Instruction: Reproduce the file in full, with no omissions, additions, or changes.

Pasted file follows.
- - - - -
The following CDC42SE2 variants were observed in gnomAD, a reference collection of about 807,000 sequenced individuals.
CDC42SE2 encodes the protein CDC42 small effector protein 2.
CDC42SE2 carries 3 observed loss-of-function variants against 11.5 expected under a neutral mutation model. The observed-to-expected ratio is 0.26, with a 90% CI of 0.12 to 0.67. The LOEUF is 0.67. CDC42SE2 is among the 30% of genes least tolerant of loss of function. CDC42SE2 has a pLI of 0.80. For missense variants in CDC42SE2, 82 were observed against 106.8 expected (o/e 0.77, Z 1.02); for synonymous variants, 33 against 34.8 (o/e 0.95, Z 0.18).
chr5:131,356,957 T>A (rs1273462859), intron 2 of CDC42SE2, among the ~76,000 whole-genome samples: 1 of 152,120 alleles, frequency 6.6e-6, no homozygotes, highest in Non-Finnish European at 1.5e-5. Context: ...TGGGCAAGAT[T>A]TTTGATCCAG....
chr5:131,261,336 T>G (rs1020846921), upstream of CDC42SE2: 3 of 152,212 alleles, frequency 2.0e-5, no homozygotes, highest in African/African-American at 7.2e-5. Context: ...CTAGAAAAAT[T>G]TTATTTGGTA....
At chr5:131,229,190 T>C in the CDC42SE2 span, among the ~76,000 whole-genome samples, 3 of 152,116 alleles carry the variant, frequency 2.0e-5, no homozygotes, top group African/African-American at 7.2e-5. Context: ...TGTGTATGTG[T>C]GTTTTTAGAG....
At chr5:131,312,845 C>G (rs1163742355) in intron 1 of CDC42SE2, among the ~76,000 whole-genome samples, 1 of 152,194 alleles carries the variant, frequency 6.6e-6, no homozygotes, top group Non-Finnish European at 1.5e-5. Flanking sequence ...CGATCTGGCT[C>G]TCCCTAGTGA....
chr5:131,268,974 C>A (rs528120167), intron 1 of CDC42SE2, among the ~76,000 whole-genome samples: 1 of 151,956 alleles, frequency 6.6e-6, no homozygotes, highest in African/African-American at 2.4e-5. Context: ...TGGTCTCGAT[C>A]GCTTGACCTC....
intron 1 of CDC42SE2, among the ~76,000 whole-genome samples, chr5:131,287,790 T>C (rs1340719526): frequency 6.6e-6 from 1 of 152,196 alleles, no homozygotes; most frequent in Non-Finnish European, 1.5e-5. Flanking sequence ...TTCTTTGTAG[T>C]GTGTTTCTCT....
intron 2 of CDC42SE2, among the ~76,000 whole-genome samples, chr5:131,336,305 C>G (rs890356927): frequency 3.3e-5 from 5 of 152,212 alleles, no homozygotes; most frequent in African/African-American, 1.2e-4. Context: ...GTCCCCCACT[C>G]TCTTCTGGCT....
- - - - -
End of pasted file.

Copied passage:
The following CDC42SE2 variants were observed in gnomAD, a reference collection of about 807,000 sequenced individuals.
CDC42SE2 encodes the protein CDC42 small effector protein 2.
CDC42SE2 carries 3 observed loss-of-function variants against 11.5 expected under a neutral mutation model. The observed-to-expected ratio is 0.26, with a 90% CI of 0.12 to 0.67. The LOEUF is 0.67. CDC42SE2 is among the 30% of genes least tolerant of loss of function. CDC42SE2 has a pLI of 0.80. For missense variants in CDC42SE2, 82 were observed against 106.8 expected (o/e 0.77, Z 1.02); for synonymous variants, 33 against 34.8 (o/e 0.95, Z 0.18).
chr5:131,356,957 T>A (rs1273462859), intron 2 of CDC42SE2, among the ~76,000 whole-genome samples: 1 of 152,120 alleles, frequency 6.6e-6, no homozygotes, highest in Non-Finnish European at 1.5e-5. Context: ...TGGGCAAGAT[T>A]TTTGATCCAG....
chr5:131,261,336 T>G (rs1020846921), upstream of CDC42SE2: 3 of 152,212 alleles, frequency 2.0e-5, no homozygotes, highest in African/African-American at 7.2e-5. Context: ...CTAGAAAAAT[T>G]TTATTTGGTA....
At chr5:131,229,190 T>C in the CDC42SE2 span, among the ~76,000 whole-genome samples, 3 of 152,116 alleles carry the variant, frequency 2.0e-5, no homozygotes, top group African/African-American at 7.2e-5. Context: ...TGTGTATGTG[T>C]GTTTTTAGAG....
At chr5:131,312,845 C>G (rs1163742355) in intron 1 of CDC42SE2, among the ~76,000 whole-genome samples, 1 of 152,194 alleles carries the variant, frequency 6.6e-6, no homozygotes, top group Non-Finnish European at 1.5e-5. Flanking sequence ...CGATCTGGCT[C>G]TCCCTAGTGA....
chr5:131,268,974 C>A (rs528120167), intron 1 of CDC42SE2, among the ~76,000 whole-genome samples: 1 of 151,956 alleles, frequency 6.6e-6, no homozygotes, highest in African/African-American at 2.4e-5. Context: ...TGGTCTCGAT[C>A]GCTTGACCTC....
intron 1 of CDC42SE2, among the ~76,000 whole-genome samples, chr5:131,287,790 T>C (rs1340719526): frequency 6.6e-6 from 1 of 152,196 alleles, no homozygotes; most frequent in Non-Finnish European, 1.5e-5. Flanking sequence ...TTCTTTGTAG[T>C]GTGTTTCTCT....
intron 2 of CDC42SE2, among the ~76,000 whole-genome samples, chr5:131,336,305 C>G (rs890356927): frequency 3.3e-5 from 5 of 152,212 alleles, no homozygotes; most frequent in African/African-American, 1.2e-4. Context: ...GTCCCCCACT[C>G]TCTTCTGGCT....